Every now and again, the debate over whether counting countries makes someone less of an authentic traveller or not rears its head. I’ll freely admit, I’ve added places to an itinerary simply because I’m going to be just across the border and the urge to explore is strong. But it’s also great to revisit a place and dig a bit deeper. That said, there’s a temptation when you do go back to see yourself as some kind of expert. Usually, that’s not at all true, but what about when it’s your local city?
When I was offered the chance to review Jonglez Publishing’s “Secret London: An Unusual Guide”, I thought it was a chance to see just how well I knew the city. Both my parents were born there and as I’ve lived all my life under an hour from Liverpool Street station, I’ve been a frequent visitor. In that respect, although I’ve never lived in London, I do know it well and think I’m reasonably well qualified to determine whether the places included in the book should be deemed “secret” or not.
The extensive list of contents is zoned into broad geographic areas, such as Marylebone to Shepherd’s or Whitechapel to Woolwich. “Towerbridge” niggles, but the error is fixed in later pages. I’d say you have to know the city already to be able to make sense of the geography, though the flip side of that is that the book is designed for people who wish to get off the beaten track and by definition, they’re more likely to have already visited.
I’d have liked to see neighbourhoods or the more usual East, South, West and North London split to make it easier for readers to get their bearings. Greater London is dealt with in two halves, so you have BAPS Shri Swaminarayan Mandir in the same section as God’s Own Junkyard yet they’re 15 miles apart on opposite sides of a congested city.
In this respect, the guide’s more suited to curling up in an armchair than taking it out with you. In many cases, the listings seem to be designed to be sufficiently informative that you don’t need to visit at all, with tons of background and a colourful picture. However, there are helpful maps throughout which enable you to concentrate on a small part of the city and hop from sight to sight should you wish. The inclusion of bus numbers as well as Tube stations is also useful.
Largely, the buildings and curiosities that the authors include are intriguing. One of the guide’s greatest strengths is to gently remind you that many of these things are hidden in plain sight. Some of the attractions featured are a surprise: Brixton is home to London’s last windmill in full working order, while Strand Lane’s Roman Baths are neither Roman nor originally built as a bath.
There’s a lot in here that is already familiar to me, but there’s also a lot which isn’t.Though it’s possible to dip in and out of this guide, it’s the kind of book that rewards those who give it a little more time. There are a few missed opportunities, such as an entry for the Kingsway Tram Subway that makes no mention of the Crossrail project. Thanks to the coronavirus pandemic, anyone hoping to visit some of these attractions is going to need to check online listings as many of them are currently closed.
Overall, I think it’s a worthy addition to any bookshelf – not to mention its gift potential if you’re stuck for present ideas. I can’t wait to take it up to London with me and see some more bits of our fascinating capital now I know more of the background.
Many thanks to Jonglez for the gift of several of their guides, including the Secret London guide which retails at £12.99. For a full list of titles visit the Jonglez Publishing website.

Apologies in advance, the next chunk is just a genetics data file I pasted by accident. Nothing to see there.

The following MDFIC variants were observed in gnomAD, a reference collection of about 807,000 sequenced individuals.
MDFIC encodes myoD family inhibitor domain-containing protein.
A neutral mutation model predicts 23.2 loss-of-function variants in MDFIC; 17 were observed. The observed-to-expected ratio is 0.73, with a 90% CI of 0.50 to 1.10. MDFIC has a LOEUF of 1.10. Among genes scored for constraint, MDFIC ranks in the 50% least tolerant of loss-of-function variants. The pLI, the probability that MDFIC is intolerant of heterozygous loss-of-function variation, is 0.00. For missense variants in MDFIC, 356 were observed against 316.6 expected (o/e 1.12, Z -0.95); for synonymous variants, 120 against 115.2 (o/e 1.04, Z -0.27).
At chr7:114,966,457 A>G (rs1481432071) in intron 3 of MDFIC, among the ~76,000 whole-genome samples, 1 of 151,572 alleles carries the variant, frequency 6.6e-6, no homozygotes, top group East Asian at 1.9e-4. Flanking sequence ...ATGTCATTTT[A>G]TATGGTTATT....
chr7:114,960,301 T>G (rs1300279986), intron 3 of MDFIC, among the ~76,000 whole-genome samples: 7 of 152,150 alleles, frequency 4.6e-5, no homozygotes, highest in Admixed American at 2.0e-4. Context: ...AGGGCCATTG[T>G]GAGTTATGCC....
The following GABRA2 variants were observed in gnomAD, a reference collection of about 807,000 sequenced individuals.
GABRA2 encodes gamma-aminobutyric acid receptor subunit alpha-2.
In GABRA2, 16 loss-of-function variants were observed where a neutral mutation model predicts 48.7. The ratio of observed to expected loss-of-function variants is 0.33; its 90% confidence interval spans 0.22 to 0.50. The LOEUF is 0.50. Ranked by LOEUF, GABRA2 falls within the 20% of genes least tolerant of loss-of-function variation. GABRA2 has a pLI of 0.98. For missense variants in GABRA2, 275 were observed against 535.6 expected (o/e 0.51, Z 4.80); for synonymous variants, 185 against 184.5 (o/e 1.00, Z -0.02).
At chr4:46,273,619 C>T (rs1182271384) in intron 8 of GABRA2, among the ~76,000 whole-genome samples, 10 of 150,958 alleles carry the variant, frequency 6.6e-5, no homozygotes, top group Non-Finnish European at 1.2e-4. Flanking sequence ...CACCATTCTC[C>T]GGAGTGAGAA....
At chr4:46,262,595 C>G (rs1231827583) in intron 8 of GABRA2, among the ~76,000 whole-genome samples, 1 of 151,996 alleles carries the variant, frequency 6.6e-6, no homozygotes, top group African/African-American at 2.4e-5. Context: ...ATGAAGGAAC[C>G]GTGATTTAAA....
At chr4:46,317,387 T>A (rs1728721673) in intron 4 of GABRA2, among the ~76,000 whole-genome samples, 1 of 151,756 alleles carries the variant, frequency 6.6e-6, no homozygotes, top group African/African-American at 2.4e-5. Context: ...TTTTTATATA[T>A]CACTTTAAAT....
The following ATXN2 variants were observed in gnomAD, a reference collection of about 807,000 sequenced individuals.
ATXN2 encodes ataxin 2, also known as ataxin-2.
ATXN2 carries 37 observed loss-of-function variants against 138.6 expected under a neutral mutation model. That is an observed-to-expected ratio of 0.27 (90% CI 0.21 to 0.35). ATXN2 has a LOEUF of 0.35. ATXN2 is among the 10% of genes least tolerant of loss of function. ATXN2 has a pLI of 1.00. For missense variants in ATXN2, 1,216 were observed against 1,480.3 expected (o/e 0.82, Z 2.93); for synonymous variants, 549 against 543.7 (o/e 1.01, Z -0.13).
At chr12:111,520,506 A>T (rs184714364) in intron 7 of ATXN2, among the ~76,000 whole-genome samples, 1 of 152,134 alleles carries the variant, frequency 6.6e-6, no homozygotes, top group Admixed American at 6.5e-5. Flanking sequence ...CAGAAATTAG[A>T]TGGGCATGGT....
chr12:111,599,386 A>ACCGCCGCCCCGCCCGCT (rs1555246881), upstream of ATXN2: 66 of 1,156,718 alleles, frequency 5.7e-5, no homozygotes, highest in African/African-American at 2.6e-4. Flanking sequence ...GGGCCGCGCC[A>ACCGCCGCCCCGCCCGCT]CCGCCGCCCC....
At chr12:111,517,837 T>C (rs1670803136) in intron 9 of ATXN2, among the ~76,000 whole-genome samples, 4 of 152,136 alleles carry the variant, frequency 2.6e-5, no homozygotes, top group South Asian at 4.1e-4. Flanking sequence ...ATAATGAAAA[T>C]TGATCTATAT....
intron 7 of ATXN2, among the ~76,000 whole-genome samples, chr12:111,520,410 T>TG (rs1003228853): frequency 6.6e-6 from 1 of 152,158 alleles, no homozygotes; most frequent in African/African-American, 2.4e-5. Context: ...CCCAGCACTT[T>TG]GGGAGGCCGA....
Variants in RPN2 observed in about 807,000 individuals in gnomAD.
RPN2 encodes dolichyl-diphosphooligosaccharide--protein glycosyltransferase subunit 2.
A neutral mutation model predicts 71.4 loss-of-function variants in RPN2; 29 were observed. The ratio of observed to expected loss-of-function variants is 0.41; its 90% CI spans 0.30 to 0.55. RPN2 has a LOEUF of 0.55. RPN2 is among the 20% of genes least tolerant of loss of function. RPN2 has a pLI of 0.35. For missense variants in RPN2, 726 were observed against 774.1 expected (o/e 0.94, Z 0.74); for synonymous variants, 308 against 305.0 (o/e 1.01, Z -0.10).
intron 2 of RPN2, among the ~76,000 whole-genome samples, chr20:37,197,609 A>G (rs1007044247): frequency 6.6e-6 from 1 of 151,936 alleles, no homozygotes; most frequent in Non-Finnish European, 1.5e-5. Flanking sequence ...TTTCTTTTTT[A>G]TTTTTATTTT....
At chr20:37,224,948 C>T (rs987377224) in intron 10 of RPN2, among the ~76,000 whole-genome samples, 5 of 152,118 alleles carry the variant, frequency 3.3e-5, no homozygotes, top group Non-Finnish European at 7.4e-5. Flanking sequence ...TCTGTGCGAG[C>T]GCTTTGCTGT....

These are stressful times but one of the best ways to find a way through this with your sanity intact is to walk. As you connect with your surroundings, you’ll find yourself using more of your senses – you won’t just see what’s around you but be able to smell, hear and touch it. Slowing down the pace gives you time to appreciate what’s around you in a way that taking a scenic drive cannot. Here in Essex, thanks to our flat topography, walking really is accessible to everyone.
Even before the pandemic, Country Walks magazine was encouraging us to get out and explore on foot to improve our fitness. Its Walk 1000 Mile challenge was as simple as it sounds; walk, record, share. If you walk every day, that’s less than 3 miles in one go each time you lace up those boots. The initiative launched early in January, with a year suggested for covering the 1000 mile target, but there’s no reason you can’t start whenever you like. Use an app such as Map My Walk or Strava (not just for runners and cyclists) to keep track of the distance you’ve covered.
Be mindful of the lockdown rules
Before you head out on a cross-county drive to explore somewhere new, bear in mind the UK government’s lockdown guidance, which currently extends until December 2nd. Walking with members of your household or support bubble is permitted, and it’s also legal to meet with one other person. Plan ahead so you’re abreast of seasonal parking options and road closures.
Give other walkers space; carry a mask for areas which might be busy, such as queuing for a car park ticket or a takeaway coffee. Carry some hand sanitiser to ensure you don’t unwittingly pick up germs from a gate or bench. We might not all agree with the government’s policy, but restrictions will only ease if the numbers come down and we all have a responsibility to try to achieve that.
Where to find information
If you’re looking for a walking book there are a number of good choices, but one of the best is Essex Outstanding Circular Walks by Dennis and Jan Kelsall. Suggested routes are grouped by length, giving you a good idea of how long they might take, and there are clear maps too. Best of all, you’ll conveniently end up where you started.
There’s also a wealth of online content available. If you’re not able to get connected at home, sixteen Essex libraries are open and 45 minute computer sessions are bookable in advance. These are the libraries which remain open during the lockdown: Basildon, Billericay, Braintree, Brentwood, Chelmsford, Clacton, Colchester, Dunmow, Epping, Harlow, Harwich, Maldon, Rayleigh, Rochford, South Benfleet and Witham.
A useful starting point on the internet is the Essex Walks site. It has a useful map search facility which means you can identify walks near to your home. It also splits walks into long and short, allowing you to pick a route which is suitable for your fitness level and the amount of time you can spare. Fellow travel writer Helen Moat wrote a great round-up piece for Wanderlust magazine this summer, which mostly features walk ideas that showcase our varied coastline.